Live From Space – Scott Kelly Accepts R&D’s 2015 Scientist Of The Year Award

Astronaut Scott Kelly. Courtesy/NASA Johnson



Rockaway, NJ – Hundreds of science and technology industry leaders watched with rapt attention as Astronaut Scott Kelly accepted the 2015 R&D Magazine Scientist of the Year Award from his perch in the International Space Station (ISS) above the Earth.

The video acceptance speech riveted the audience at the R&D 100 Awards Banquet held at Caesars Palace in Las Vegas as Kelly thanked R&D Magazine for this special award and explained the International Space Station (ISS) Year in Space mission.

The Scientist of the Year Award, now in its 50th year, recognizes career accomplishments in scientific research and technology development spanning nearly all disciplines from physics to medicine to chemistry.

“I’m humbled, too, because I am representing the hundreds of scientists who designed the experiments being done on ISS today – and in some cases, I am the subject of these experiments,” Kelly said. “We know there is much more to come.”

Kelly, who has accomplished a lot during his 51 years, much of it in non-normal environments, boasts nearly 2.5 years spent in extreme environments, either as a naval test pilot experiencing high G’s in super-sonic military aircraft or working on science experiments in the ISS’s zero-G environment. As a NASA astronaut with long-duration experience on space shuttles and the ISS, Kelly volunteered and was selected by NASA in November 2012 to be its member of a planned Year in Space mission.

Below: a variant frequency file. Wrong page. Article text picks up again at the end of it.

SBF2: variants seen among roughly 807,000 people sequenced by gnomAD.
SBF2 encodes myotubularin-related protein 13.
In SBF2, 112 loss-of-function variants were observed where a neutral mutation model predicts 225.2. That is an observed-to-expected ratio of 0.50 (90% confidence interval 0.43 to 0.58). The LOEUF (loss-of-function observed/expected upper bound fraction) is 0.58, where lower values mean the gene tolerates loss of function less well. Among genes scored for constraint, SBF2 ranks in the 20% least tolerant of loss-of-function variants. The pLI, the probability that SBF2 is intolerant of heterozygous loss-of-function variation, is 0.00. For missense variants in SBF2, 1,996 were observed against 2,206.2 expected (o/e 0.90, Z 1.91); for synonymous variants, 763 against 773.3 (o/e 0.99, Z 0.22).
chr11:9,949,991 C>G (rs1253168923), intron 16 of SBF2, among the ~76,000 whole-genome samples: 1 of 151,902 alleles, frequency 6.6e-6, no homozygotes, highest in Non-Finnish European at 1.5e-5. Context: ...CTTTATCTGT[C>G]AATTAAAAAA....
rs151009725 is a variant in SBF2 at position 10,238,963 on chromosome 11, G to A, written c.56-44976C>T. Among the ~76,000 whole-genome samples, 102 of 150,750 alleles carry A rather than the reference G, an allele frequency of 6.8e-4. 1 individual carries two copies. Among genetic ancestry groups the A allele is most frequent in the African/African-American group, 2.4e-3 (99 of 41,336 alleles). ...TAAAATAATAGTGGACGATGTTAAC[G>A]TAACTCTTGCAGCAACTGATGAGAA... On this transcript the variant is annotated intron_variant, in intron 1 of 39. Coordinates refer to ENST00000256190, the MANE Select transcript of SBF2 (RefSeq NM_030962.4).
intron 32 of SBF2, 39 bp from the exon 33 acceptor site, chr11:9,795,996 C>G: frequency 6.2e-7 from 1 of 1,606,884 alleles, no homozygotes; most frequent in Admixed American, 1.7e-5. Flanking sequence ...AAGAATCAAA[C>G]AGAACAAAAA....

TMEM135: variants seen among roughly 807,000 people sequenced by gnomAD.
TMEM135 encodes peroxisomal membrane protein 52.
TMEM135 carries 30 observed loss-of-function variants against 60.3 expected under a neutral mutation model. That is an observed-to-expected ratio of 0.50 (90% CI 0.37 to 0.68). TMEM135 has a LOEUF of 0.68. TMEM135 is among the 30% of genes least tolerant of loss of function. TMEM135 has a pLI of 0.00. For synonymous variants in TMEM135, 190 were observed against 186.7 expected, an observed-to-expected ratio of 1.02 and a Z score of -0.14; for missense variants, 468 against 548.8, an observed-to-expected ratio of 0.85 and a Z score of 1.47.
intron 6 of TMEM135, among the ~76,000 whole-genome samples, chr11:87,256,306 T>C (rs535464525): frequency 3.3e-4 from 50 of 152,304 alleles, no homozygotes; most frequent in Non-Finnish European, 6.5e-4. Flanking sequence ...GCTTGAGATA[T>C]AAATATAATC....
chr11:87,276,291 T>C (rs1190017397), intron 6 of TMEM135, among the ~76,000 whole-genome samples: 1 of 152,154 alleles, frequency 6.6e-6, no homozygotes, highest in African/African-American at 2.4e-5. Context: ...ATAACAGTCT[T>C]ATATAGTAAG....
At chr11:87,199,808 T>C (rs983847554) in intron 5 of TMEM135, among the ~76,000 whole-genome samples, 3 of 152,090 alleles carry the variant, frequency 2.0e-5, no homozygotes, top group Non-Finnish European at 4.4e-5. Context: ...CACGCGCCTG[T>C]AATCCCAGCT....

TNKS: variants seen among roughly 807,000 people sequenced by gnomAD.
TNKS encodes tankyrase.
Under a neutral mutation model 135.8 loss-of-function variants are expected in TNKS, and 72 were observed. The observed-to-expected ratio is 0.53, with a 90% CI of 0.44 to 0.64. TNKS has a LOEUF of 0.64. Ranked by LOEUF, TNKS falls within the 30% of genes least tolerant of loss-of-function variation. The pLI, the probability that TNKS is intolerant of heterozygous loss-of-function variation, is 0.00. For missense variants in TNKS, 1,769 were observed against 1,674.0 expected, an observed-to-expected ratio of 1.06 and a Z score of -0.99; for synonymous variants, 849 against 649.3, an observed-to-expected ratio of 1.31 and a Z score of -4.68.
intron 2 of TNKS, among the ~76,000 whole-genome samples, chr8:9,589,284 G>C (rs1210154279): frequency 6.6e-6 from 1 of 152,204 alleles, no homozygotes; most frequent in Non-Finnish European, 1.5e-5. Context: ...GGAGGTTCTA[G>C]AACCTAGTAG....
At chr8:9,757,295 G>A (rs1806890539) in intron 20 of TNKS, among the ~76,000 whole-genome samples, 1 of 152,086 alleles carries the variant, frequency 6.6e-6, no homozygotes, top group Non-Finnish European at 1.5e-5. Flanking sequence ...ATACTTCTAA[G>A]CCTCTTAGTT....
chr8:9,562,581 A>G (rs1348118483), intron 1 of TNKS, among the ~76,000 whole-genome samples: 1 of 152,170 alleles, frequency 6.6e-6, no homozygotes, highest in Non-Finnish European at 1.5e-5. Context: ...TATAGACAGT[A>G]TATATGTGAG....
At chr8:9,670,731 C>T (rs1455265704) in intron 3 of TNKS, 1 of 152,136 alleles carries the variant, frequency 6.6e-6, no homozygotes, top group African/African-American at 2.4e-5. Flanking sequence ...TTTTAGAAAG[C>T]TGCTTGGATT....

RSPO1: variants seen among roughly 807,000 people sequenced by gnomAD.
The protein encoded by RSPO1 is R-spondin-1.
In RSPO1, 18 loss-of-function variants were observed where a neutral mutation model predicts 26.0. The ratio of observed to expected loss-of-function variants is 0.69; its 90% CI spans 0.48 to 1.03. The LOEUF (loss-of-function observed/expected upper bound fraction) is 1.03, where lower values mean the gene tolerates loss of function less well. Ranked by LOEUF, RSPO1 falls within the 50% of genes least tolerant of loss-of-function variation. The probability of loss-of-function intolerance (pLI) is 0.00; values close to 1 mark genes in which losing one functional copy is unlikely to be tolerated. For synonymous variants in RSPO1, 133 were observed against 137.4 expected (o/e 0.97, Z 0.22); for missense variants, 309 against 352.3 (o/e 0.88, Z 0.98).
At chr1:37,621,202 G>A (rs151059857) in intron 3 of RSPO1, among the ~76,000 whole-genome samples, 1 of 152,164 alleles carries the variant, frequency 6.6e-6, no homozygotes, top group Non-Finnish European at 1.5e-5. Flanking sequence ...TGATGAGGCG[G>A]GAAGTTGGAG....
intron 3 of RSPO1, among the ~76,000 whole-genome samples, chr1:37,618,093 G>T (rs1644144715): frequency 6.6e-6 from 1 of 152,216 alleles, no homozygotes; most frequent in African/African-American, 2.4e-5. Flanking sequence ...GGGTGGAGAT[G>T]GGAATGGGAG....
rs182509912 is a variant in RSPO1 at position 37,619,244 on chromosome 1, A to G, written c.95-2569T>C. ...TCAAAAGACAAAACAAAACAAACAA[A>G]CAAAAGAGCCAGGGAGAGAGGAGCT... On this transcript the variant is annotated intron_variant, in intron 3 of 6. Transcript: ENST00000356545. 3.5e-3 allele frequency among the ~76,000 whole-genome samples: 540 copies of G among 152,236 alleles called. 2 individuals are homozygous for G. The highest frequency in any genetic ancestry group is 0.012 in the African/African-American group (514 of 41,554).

“Astronaut Scott Kelly has spent a lot of his life going very, very fast. He is currently soaring above our heads at about 5 miles per second on the International Space Station, with his Russian counterpart, where he is scheduled to perform more than 450 experiments during the year-long voyage,” said Bea Riemschneider, editorial director of the Advantage Business Media Science Group, the parent organization of the R&D 100 Awards and R&D Magazine, introducing the 2015 Scientist of the Year.

In response to requests for earth studies and working with the United Nations Office for Outer Space Affairs (UNOOSA) to help people better understand the Earth from the ISS’s vantage point, Kelly creates almost daily tweets (@StationCDRKelly) containing recent images he has taken. The images include those of specific geographical spots on Earth, weather patterns, the ISS, and whatever else strikes his fancy. He often makes a game of these, asking followers to see if they can identify the geographical image he has tweeted.

When Kelly comes back down to the surface of Earth in March 2016, he will have spent a combined 500 days of his life in space – a record for any American astronaut. As Operations Branch Chief of ISS, Year in Space 2015-2016, Kelly is profiled in the September/October 2015 issue of R&D Magazine and graces its cover.

The Scientist of the Year Award is presented annually during the R&D 100 Awards presentation. The full list of 2015 R&D 100 Award Winners is available here.

Next year’s R&D 100 Awards will take place Nov. 4 at the Gaylord National Resort & Convention Center in the National Harbor in Oxon Hill, Md., in conjunction with the second annual R&D 100 Awards & Technology Conference, scheduled for Nov. 3-4, 2016.

Entries are now being accepted for the 2016 R&D 100 Awards. More information is available at